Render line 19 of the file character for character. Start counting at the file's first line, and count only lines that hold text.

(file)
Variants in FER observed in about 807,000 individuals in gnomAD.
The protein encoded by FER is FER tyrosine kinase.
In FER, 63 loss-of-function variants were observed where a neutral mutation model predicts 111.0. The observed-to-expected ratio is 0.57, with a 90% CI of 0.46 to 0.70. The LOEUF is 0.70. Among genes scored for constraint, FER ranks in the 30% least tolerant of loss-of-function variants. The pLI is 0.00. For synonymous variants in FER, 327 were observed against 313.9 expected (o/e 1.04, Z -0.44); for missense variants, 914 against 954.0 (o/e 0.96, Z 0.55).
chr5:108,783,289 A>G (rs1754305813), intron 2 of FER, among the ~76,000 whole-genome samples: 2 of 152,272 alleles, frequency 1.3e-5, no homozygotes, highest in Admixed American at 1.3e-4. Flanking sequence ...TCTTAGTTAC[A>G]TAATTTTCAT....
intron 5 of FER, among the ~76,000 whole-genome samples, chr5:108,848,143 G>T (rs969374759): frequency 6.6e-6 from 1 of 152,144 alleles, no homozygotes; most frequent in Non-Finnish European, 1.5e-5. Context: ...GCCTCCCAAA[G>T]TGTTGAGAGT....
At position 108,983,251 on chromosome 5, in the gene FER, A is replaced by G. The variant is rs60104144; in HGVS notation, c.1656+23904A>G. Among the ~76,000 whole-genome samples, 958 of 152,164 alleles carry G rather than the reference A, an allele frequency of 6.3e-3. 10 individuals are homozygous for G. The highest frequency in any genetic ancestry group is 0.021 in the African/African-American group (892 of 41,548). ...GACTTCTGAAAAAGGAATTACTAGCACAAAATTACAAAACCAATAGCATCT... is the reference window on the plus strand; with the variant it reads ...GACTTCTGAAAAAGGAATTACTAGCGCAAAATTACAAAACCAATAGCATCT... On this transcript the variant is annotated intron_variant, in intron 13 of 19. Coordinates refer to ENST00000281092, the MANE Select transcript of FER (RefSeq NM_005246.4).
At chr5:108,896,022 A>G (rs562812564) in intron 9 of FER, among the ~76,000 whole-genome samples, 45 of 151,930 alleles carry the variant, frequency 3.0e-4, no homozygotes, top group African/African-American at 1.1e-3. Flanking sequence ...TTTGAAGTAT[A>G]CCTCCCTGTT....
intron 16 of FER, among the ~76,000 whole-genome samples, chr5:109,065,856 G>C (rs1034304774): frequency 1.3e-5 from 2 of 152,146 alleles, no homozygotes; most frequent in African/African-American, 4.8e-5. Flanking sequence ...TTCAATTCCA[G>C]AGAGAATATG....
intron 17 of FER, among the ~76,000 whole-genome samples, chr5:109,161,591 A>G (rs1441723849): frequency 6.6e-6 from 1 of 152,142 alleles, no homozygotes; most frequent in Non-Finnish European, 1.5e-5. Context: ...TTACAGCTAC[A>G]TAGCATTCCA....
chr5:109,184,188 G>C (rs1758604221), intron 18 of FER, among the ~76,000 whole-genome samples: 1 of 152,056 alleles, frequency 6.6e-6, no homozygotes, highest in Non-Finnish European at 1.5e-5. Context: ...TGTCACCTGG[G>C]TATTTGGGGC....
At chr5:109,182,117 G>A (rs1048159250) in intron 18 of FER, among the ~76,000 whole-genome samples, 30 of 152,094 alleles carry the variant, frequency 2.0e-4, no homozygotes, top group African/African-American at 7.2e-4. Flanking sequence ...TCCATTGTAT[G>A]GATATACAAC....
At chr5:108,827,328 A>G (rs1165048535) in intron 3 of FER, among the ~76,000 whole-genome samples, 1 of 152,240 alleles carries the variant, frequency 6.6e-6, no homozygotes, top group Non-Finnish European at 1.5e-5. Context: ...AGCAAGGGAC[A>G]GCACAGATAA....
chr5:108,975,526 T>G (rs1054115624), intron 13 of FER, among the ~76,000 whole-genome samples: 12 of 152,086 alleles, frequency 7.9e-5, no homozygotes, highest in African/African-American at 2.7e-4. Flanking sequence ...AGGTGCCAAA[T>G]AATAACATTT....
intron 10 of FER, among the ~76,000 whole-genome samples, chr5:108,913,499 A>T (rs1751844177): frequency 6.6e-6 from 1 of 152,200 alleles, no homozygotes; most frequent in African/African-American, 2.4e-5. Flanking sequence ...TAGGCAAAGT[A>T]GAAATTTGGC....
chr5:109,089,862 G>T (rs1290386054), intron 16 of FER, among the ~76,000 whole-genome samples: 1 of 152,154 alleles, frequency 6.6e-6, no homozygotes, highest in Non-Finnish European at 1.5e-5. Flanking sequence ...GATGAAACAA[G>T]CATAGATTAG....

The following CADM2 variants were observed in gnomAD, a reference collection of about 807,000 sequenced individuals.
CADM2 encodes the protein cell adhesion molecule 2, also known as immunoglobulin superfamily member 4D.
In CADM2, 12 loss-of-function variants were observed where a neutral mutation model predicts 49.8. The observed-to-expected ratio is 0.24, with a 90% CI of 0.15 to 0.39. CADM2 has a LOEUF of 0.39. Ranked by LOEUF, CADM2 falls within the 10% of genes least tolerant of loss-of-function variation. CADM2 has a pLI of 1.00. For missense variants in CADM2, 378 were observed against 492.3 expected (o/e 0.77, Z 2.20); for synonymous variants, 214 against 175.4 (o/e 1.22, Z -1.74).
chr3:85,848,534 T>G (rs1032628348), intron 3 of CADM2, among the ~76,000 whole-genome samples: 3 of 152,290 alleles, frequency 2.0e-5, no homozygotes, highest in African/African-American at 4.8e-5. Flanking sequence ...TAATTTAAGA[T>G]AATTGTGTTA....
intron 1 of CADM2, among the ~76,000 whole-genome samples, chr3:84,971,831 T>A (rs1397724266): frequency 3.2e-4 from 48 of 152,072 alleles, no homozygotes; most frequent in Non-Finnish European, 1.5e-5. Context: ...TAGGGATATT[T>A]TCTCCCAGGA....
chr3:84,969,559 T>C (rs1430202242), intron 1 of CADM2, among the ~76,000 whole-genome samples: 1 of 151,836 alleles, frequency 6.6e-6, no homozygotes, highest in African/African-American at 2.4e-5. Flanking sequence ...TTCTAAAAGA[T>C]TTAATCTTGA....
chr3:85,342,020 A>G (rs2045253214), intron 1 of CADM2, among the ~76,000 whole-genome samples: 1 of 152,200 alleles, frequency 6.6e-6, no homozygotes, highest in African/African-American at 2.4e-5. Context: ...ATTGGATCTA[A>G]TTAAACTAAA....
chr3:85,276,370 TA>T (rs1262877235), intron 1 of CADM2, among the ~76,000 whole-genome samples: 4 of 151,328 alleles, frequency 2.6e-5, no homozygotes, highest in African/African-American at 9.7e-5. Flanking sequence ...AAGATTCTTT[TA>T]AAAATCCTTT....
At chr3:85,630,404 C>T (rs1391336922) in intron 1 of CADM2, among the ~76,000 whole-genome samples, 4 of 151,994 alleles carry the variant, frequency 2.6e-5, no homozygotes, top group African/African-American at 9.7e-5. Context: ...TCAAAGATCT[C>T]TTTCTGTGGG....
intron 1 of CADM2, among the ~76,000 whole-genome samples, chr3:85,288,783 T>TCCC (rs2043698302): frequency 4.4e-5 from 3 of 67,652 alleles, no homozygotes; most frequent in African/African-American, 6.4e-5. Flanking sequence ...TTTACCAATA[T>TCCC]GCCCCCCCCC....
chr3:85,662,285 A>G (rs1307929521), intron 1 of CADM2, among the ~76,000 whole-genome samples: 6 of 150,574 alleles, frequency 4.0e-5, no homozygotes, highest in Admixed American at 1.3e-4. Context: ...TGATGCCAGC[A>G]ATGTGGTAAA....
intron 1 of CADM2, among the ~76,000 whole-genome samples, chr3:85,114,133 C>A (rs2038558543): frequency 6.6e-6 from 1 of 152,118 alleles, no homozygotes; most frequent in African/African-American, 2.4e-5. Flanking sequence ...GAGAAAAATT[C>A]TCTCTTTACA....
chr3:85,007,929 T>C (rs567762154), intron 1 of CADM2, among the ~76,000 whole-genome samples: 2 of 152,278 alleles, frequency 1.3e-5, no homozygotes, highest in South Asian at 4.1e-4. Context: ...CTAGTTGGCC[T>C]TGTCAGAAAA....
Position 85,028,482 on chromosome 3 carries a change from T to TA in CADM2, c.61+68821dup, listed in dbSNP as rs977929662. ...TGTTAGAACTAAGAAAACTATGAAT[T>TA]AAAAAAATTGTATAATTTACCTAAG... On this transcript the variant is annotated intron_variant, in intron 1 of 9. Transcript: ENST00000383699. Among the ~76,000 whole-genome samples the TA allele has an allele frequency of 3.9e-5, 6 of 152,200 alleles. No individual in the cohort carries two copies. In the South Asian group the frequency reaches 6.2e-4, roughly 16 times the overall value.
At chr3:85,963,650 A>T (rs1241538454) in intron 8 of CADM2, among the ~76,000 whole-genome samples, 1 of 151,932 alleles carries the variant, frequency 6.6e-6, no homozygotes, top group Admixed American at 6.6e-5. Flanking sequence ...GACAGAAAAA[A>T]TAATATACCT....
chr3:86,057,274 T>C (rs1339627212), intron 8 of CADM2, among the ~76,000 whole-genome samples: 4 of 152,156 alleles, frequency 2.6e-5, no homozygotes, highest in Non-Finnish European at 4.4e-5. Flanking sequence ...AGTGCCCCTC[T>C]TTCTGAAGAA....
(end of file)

chr3:85,848,534 T>G (rs1032628348), intron 3 of CADM2, among the ~76,000 whole-genome samples: 3 of 152,290 alleles, frequency 2.0e-5, no homozygotes, highest in African/African-American at 4.8e-5. Flanking sequence ...TAATTTAAGA[T>G]AATTGTGTTA....